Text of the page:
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Plant Growth Promoting Bacteria - What exactly are they doing?

I've learned a lot while reading about all the different organisms found in vermicompost as many of them are likely plant grow promoting organisms (PGPB). As the name suggests, PGPB enhance the growth of plants meaning they help produce a higher yield, be more nutrient dense, or fend off diseases.

So what are these bacteria doing to help plants? As it turns out quite a bit -- ranging from nutrient uptake to stress reduction, plant growth hormone production and disease suppression. We are going to dig into the mechanisms of these benefits one at a time.

There are specific groups of organisms well known for promoting plant growth, mainly Rhizobia (rhiza in Greek means root). They are known known associate with legumes to fix nitrogen. However, as research in the field as progressed there is actually a large range of organisms that have plant growth promoting properties. Many of these organisms are endophytes (endo- inside, phyte- plant) which as the name implies live inside of plants. Most endophytes live inside of fine roots and can be both bacteria and fungi.

The pictures below are all arbuscular mycorrhizal fungi (AMF) present inside of roots of various plants.

Pictures courtesy of Takeshi Sentoku Twitter - @DvRiD8f52XatGLr

Functions of PGPBNutrient cycling / uptake


The most commonly known way bacteria provide nutrients to plants is through nitrogen fixation. Air is made up of about 80% N2 gas, however this form of nitrogen is not biologically available. Nitrogen fixing bacteria have specialized enzymes called nitrogenases that convert N2 gas into ammonia (NH3). Ammonia is form of nitrogen that available to plant to use. Plant roots (usually of the legume family including clovers, soybeans, alfalfa, lupines, and peanuts form nodules (seen below) that attract and host nitrogen fixing bacteria.


Phosphorous is another macro nutrient needed by all plants. In some soil types such as clay there is a lot of phosphorous present but like nitrogen gas it is not biologically available. It is bound up in mineral complexes with iron, aluminum, calcium and manganese. In order to make the phosphorus available to plants they need to solubilize these minerals. Phosphorous solubilizing bacteria produce small organic acids which bind, or chelate, the metals attached to the phosphorous molecule. The phosphorous is then unbound and available to the plant.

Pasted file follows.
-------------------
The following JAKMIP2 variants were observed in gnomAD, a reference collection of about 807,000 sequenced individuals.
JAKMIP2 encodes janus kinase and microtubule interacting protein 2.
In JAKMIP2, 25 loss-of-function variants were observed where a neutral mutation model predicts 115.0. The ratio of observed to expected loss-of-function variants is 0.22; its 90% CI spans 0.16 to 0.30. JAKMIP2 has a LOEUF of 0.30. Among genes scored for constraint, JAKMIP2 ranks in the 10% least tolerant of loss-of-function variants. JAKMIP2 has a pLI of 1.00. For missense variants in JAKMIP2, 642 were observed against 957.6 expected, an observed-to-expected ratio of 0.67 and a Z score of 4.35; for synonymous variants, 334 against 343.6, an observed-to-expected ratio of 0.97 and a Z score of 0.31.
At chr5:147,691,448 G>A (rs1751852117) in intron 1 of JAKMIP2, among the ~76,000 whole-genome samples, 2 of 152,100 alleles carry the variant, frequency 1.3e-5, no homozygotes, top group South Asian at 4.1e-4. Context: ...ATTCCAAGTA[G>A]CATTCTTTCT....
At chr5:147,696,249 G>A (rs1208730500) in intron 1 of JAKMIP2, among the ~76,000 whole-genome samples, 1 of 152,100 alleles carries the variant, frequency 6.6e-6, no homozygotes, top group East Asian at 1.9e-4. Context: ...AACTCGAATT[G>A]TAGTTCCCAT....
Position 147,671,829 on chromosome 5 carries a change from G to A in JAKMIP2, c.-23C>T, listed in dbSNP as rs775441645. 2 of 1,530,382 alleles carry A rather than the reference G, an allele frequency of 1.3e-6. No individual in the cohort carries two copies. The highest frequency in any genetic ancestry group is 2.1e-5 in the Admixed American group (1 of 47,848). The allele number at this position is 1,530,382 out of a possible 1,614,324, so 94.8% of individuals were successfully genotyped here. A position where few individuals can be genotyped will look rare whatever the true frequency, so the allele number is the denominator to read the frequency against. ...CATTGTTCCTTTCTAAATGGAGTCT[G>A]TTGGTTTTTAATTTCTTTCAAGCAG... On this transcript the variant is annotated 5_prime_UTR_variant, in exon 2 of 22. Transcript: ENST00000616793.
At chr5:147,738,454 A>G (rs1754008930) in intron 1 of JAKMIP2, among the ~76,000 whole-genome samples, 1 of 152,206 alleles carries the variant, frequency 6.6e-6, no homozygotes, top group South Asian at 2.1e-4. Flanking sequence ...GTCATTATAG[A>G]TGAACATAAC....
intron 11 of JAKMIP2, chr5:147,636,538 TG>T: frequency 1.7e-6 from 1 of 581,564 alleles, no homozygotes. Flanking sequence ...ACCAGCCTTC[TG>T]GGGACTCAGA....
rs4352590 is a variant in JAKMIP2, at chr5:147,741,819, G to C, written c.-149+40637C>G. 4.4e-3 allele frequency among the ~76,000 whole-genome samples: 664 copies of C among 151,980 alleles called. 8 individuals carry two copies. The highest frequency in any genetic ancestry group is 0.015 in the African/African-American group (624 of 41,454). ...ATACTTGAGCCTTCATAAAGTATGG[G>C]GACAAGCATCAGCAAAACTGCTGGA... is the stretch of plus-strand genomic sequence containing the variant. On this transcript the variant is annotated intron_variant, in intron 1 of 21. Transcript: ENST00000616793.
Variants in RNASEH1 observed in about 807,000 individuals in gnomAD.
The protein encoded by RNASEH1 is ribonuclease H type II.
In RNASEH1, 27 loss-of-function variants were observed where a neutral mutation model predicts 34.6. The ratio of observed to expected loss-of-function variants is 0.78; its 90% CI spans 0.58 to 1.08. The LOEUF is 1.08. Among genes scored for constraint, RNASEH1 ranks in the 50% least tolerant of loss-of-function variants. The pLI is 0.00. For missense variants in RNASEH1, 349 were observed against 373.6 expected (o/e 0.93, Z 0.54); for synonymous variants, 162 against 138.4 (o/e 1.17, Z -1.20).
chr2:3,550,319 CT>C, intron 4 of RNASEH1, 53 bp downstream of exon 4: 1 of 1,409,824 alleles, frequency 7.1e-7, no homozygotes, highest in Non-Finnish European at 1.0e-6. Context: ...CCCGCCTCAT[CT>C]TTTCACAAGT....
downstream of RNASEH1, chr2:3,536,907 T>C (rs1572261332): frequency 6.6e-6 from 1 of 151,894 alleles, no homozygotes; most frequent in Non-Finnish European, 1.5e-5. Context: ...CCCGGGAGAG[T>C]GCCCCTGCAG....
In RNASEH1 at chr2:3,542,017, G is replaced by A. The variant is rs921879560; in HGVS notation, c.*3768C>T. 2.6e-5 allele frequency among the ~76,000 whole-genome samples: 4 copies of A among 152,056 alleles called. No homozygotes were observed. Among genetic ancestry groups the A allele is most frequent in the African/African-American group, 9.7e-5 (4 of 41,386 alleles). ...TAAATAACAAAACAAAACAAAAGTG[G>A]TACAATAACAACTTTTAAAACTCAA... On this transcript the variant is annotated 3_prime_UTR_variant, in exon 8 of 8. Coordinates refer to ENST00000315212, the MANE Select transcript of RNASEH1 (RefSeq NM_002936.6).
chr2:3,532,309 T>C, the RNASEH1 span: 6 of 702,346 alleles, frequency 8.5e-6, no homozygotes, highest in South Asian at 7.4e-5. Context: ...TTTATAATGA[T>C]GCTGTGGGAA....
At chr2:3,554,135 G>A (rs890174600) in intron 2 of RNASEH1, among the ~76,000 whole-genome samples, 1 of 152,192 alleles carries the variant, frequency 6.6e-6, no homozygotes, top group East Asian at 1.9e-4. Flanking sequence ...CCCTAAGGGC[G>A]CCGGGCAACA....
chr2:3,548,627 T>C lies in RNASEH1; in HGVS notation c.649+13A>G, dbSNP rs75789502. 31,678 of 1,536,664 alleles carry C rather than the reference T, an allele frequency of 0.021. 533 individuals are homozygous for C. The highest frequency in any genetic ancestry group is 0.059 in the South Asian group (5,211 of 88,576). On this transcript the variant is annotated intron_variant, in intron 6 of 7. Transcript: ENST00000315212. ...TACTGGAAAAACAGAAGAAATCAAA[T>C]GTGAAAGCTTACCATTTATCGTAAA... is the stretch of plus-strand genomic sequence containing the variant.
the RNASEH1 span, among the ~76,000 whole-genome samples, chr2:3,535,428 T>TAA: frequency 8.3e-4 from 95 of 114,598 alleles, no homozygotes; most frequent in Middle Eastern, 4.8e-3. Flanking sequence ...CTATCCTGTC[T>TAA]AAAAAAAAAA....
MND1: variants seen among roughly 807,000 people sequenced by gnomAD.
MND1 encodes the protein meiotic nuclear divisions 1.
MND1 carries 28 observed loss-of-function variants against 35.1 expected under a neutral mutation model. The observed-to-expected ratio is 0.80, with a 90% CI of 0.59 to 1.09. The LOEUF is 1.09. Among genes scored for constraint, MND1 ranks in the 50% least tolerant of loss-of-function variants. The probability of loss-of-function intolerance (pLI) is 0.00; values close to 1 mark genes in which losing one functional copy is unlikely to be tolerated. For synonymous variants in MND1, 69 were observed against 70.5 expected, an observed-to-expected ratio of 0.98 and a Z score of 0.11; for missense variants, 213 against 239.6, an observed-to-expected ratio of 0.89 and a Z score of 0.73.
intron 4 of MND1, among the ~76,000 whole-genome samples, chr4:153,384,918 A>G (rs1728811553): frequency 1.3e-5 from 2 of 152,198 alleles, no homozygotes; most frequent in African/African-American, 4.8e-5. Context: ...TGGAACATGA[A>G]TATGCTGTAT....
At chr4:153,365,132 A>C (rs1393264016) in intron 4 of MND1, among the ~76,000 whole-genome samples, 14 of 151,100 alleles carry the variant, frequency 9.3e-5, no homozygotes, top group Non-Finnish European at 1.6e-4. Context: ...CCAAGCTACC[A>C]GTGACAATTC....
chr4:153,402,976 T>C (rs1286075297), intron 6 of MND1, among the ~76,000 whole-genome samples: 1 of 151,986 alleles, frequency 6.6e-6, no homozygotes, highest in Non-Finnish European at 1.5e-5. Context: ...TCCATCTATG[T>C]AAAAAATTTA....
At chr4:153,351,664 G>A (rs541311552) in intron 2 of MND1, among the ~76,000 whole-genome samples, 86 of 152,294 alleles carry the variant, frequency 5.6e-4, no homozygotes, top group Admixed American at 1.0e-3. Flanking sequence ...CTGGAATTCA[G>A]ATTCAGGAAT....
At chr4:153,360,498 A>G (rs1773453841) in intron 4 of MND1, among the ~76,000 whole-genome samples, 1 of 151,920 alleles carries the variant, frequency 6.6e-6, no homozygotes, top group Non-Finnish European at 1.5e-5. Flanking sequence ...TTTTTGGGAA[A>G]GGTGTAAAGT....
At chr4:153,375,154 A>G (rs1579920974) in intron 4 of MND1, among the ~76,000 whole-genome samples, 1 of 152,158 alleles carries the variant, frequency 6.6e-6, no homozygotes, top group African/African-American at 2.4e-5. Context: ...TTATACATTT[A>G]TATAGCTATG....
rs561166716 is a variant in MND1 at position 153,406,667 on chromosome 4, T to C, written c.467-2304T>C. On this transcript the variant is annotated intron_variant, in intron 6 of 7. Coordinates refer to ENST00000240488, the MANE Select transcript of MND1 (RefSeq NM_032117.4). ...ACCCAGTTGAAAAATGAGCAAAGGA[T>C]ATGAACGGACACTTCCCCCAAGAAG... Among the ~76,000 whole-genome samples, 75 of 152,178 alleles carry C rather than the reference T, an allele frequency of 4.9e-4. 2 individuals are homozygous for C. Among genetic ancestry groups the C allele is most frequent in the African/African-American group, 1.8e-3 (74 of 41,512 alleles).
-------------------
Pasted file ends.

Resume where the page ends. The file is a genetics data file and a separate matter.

Some bacteria can also produce enzymes known as "phosphatases." These enzymes react with organic phosphorous. "Organic" in this case means carbon based as opposed to mineral bound. Basically, they can cut the phosphorous out of decaying biological material so it can be taken into the bacterial cell and used.


Iron is needed by plants for photosynthesis, and as we just discussed it can be bound in mineral complexes in soil. Bacteria produce and excrete special molecules called siderophores which bind specially to iron (in Greek siderophore means "iron carrier"). When these molecules bind to iron it makes the iron available to both the bacteria and plants. Below is a depiction of how three siderophores bind to an iron atom.

Quick Nutrient Summary

The term "nutrient cycling" get thrown around a lot, but is rarely explained in any detail. So if you ever hear bacteria or fungi help with "nutrient cycling," these are examples of what they are talking about. Essentially, a nutrient needed for life is locked up in some way and needs to be freed to continue in its cycle. Plants and bacteria work together to make this happen. Plants feed beneficial bacteria carbon made from from photosynthesis and in return bacteria provide nutrients to the plant that it cannot easily access.

Plant growth hormones (Phytohormones)

There are a few different classes of plant hormones but the main ones you'll hear about in relation to plant growth are auxins, gibberelins, and ethylene. Interestingly, many root associated bacteria have evolved to produce these hormones to help their plant partners.


The primary auxin hormone is called indole acetic acid (IAA) and is usually the active ingredient in rooting compounds. As you might guess, auxins promote root growth but also flower formation and fruit growth. If your a farmer looking to increase crop yield, these benefits cannot be overlooked.


Gibberellins are another class of plant hormones that can also be produced by bacteria. They play a role in seed germination, stem elongation, and flowering. While not research has gone into biological seed coatings, gibberellin producing organisms might be the next big thing in organic seed treatment.